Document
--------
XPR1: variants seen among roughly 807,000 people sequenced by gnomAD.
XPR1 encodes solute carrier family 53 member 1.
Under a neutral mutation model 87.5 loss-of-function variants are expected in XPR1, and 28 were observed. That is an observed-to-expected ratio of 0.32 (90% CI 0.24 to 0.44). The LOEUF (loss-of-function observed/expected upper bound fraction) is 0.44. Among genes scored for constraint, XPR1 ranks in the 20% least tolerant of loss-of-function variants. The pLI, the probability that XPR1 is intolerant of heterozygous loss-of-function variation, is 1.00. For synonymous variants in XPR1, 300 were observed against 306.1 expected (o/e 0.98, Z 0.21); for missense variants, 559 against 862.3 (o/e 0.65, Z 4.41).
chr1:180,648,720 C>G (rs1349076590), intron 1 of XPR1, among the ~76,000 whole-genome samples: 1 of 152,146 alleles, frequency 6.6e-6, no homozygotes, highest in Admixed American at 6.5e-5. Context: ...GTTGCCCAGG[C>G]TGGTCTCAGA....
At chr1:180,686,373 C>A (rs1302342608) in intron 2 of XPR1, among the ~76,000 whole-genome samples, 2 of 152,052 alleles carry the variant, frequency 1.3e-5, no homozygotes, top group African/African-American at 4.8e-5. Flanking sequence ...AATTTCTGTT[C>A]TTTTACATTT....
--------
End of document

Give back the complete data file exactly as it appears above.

XPR1: variants seen among roughly 807,000 people sequenced by gnomAD.
XPR1 encodes solute carrier family 53 member 1.
Under a neutral mutation model 87.5 loss-of-function variants are expected in XPR1, and 28 were observed. That is an observed-to-expected ratio of 0.32 (90% CI 0.24 to 0.44). The LOEUF (loss-of-function observed/expected upper bound fraction) is 0.44. Among genes scored for constraint, XPR1 ranks in the 20% least tolerant of loss-of-function variants. The pLI, the probability that XPR1 is intolerant of heterozygous loss-of-function variation, is 1.00. For synonymous variants in XPR1, 300 were observed against 306.1 expected (o/e 0.98, Z 0.21); for missense variants, 559 against 862.3 (o/e 0.65, Z 4.41).
chr1:180,648,720 C>G (rs1349076590), intron 1 of XPR1, among the ~76,000 whole-genome samples: 1 of 152,146 alleles, frequency 6.6e-6, no homozygotes, highest in Admixed American at 6.5e-5. Context: ...GTTGCCCAGG[C>G]TGGTCTCAGA....
At chr1:180,686,373 C>A (rs1302342608) in intron 2 of XPR1, among the ~76,000 whole-genome samples, 2 of 152,052 alleles carry the variant, frequency 1.3e-5, no homozygotes, top group African/African-American at 4.8e-5. Flanking sequence ...AATTTCTGTT[C>A]TTTTACATTT....